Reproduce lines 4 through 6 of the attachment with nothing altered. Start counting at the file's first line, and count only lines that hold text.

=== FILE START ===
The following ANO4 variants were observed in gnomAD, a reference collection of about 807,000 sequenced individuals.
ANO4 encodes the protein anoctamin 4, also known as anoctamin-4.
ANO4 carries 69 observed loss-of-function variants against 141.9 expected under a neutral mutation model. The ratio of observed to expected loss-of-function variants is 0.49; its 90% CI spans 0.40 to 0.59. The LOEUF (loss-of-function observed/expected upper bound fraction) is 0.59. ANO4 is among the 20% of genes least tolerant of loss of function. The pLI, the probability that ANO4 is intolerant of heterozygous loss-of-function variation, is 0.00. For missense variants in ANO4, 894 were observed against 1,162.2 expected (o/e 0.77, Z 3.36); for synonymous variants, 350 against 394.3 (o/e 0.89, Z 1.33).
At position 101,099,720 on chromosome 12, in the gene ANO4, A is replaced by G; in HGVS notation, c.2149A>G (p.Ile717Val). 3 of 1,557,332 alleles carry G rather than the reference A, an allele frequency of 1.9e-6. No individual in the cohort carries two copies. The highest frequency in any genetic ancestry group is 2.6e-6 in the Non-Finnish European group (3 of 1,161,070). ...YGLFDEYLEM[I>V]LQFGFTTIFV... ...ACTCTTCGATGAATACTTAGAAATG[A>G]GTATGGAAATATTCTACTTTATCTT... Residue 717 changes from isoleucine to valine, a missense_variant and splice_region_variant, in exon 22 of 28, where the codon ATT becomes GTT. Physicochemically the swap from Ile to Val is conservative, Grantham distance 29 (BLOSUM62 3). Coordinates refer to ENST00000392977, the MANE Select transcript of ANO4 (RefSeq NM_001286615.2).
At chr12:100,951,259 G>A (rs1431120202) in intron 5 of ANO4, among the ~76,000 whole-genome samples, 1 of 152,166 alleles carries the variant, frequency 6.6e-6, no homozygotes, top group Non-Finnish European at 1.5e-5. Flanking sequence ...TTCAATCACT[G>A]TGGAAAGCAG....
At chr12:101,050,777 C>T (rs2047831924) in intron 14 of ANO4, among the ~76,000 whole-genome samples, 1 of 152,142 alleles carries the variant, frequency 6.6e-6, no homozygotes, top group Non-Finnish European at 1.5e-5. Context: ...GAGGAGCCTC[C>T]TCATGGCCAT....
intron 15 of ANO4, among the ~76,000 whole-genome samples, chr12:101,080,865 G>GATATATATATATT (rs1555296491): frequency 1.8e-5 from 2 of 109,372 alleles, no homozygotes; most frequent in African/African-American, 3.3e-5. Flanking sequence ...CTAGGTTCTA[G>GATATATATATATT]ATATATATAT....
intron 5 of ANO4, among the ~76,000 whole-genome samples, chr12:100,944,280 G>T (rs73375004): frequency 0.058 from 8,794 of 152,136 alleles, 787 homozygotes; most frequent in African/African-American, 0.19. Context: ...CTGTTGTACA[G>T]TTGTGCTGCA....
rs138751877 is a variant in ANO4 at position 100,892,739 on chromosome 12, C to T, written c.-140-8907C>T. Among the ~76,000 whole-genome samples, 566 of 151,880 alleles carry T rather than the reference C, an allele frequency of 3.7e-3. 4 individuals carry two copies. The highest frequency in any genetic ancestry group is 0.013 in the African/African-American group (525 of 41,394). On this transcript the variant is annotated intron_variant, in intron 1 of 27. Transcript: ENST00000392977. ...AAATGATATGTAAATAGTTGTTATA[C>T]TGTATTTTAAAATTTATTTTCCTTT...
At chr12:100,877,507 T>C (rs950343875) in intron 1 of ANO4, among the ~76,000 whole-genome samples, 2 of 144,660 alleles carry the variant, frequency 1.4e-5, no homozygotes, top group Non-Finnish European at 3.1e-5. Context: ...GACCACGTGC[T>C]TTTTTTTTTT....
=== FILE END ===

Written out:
At position 101,099,720 on chromosome 12, in the gene ANO4, A is replaced by G; in HGVS notation, c.2149A>G (p.Ile717Val). 3 of 1,557,332 alleles carry G rather than the reference A, an allele frequency of 1.9e-6. No individual in the cohort carries two copies. The highest frequency in any genetic ancestry group is 2.6e-6 in the Non-Finnish European group (3 of 1,161,070). ...YGLFDEYLEM[I>V]LQFGFTTIFV... ...ACTCTTCGATGAATACTTAGAAATG[A>G]GTATGGAAATATTCTACTTTATCTT... Residue 717 changes from isoleucine to valine, a missense_variant and splice_region_variant, in exon 22 of 28, where the codon ATT becomes GTT. Physicochemically the swap from Ile to Val is conservative, Grantham distance 29 (BLOSUM62 3). Coordinates refer to ENST00000392977, the MANE Select transcript of ANO4 (RefSeq NM_001286615.2).
At chr12:100,951,259 G>A (rs1431120202) in intron 5 of ANO4, among the ~76,000 whole-genome samples, 1 of 152,166 alleles carries the variant, frequency 6.6e-6, no homozygotes, top group Non-Finnish European at 1.5e-5. Flanking sequence ...TTCAATCACT[G>A]TGGAAAGCAG....
At chr12:101,050,777 C>T (rs2047831924) in intron 14 of ANO4, among the ~76,000 whole-genome samples, 1 of 152,142 alleles carries the variant, frequency 6.6e-6, no homozygotes, top group Non-Finnish European at 1.5e-5. Context: ...GAGGAGCCTC[C>T]TCATGGCCAT....